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Bridget Riley and Op Art

White Disks, Bridget Riley, 1964. She wrote, “The uncertainties of a drawn structure increase when it is composed of similar, repeated elements. Because they are small and compacted, these elements begin to fuse while they are easy to separate when they are big.”

Bridget Riley (1931) is a well-known British artist celebrated since the mid-1960s for her distinctive, optically vibrant paintings, called “Op Art.” She explores optical phenomena and juxtaposes color either by using a chromatic technique of identifiable hues or by selecting achromatic colors (black, white or gray). In doing so, her work appears to flicker, pulsate and move, encouraging the viewer’s visual tension. Riley’s vibrant optical pattern paintings, which she painted in the 1960s, were hugely popular and become a hallmark of the period. As your eyes explore the picture to the left, can you continue to see momentary afterimages (white dots) that cause a slight flickering effect?

Bridget Riley analyzing color combinations.

Riley spent two years copying Seurat’s painting, Bridge of Courbevoie, to learn about his painting technique and his use of complementary colors. She describes the process as “being a revelation to her” with regard to color. Soon after, in 1966, Riley begins to use color to achieve new optical effects. By juxtaposing lines of complementary pure colors she can affect the perceived brightness of the individual colors.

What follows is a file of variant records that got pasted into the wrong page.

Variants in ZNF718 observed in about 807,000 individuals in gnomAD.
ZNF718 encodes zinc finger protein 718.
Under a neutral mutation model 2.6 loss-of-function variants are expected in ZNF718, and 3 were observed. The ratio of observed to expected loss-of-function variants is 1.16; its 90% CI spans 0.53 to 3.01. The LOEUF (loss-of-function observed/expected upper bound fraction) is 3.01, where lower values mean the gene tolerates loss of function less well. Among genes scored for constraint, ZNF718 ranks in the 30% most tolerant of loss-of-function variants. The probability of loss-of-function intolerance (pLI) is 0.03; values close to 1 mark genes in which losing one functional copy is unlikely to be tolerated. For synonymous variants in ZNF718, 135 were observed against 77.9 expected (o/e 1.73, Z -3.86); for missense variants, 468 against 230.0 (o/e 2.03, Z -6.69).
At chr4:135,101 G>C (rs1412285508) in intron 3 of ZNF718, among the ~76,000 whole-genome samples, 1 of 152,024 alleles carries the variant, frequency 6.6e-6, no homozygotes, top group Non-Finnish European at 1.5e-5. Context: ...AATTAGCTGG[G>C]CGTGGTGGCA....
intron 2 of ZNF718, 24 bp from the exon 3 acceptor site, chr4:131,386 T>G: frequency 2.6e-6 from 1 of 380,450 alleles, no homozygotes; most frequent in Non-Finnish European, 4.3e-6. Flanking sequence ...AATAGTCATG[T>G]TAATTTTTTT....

Riley works meticulously, carefully mixing her colors to achieve the exact hue and intensity she desires. She explores color interaction first in small gouache color studies, then moving to full-size paper-ad-gouache designs (as in the photo at right). The large-scale canvases are then marked up and painted entirely by hand — first in acrylics, then in oil.

Dominance Portfolio, Blue, Bridget Riley, 1977.

Riley is interested in visual effects, commenting:

The eye can travel over the surface in a way parallel to the way it moves over nature. It should feel caressed and soothed, experience frictions and ruptures, glide and drift. One moment, there will be nothing to look at and the next second the canvas seems to refill, to be crowded with visual events.

She also continues to work in black, white and gray, although gray is largely an illusion of overlapping circles. In Riley’s large mural, Composition with Circles (1998), the disks construct a volatile and dynamic space of overlapping transparent circles. While stressing the importance of “clarity of color, order of mind…no gratuitous brushwork,” Riley also recognizes the relationship between music and painting, as did artists such as Kandinsky.

You can listen to Riley discussing the development of her painting by clicking the audio play button, above.